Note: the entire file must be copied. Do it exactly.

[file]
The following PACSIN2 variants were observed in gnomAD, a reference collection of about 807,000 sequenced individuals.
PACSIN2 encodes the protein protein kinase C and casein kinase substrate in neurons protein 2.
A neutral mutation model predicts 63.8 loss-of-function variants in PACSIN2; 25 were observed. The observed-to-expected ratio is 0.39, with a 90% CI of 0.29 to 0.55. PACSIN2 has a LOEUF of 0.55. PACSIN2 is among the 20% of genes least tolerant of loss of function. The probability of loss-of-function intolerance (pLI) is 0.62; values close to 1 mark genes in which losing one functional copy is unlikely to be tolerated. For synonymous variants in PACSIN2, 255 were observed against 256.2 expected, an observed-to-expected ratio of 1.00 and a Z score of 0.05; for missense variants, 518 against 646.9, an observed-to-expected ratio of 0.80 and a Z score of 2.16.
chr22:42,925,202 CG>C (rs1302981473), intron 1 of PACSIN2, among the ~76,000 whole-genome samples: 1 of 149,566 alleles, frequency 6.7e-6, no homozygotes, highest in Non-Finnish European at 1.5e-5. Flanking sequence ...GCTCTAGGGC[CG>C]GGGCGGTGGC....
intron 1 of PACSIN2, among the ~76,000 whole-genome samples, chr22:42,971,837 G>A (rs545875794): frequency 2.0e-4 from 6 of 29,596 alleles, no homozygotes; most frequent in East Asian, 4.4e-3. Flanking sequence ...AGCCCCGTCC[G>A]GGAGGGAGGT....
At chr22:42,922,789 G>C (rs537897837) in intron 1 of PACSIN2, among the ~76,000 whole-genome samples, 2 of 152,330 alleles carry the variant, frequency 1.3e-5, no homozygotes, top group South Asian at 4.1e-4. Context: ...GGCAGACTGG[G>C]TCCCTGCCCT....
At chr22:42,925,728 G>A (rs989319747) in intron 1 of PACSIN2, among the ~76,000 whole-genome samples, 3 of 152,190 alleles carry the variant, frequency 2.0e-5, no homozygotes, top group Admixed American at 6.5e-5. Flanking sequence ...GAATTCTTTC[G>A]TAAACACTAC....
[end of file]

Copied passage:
The following PACSIN2 variants were observed in gnomAD, a reference collection of about 807,000 sequenced individuals.
PACSIN2 encodes the protein protein kinase C and casein kinase substrate in neurons protein 2.
A neutral mutation model predicts 63.8 loss-of-function variants in PACSIN2; 25 were observed. The observed-to-expected ratio is 0.39, with a 90% CI of 0.29 to 0.55. PACSIN2 has a LOEUF of 0.55. PACSIN2 is among the 20% of genes least tolerant of loss of function. The probability of loss-of-function intolerance (pLI) is 0.62; values close to 1 mark genes in which losing one functional copy is unlikely to be tolerated. For synonymous variants in PACSIN2, 255 were observed against 256.2 expected, an observed-to-expected ratio of 1.00 and a Z score of 0.05; for missense variants, 518 against 646.9, an observed-to-expected ratio of 0.80 and a Z score of 2.16.
chr22:42,925,202 CG>C (rs1302981473), intron 1 of PACSIN2, among the ~76,000 whole-genome samples: 1 of 149,566 alleles, frequency 6.7e-6, no homozygotes, highest in Non-Finnish European at 1.5e-5. Flanking sequence ...GCTCTAGGGC[CG>C]GGGCGGTGGC....
intron 1 of PACSIN2, among the ~76,000 whole-genome samples, chr22:42,971,837 G>A (rs545875794): frequency 2.0e-4 from 6 of 29,596 alleles, no homozygotes; most frequent in East Asian, 4.4e-3. Flanking sequence ...AGCCCCGTCC[G>A]GGAGGGAGGT....
At chr22:42,922,789 G>C (rs537897837) in intron 1 of PACSIN2, among the ~76,000 whole-genome samples, 2 of 152,330 alleles carry the variant, frequency 1.3e-5, no homozygotes, top group South Asian at 4.1e-4. Context: ...GGCAGACTGG[G>C]TCCCTGCCCT....
At chr22:42,925,728 G>A (rs989319747) in intron 1 of PACSIN2, among the ~76,000 whole-genome samples, 3 of 152,190 alleles carry the variant, frequency 2.0e-5, no homozygotes, top group Admixed American at 6.5e-5. Flanking sequence ...GAATTCTTTC[G>A]TAAACACTAC....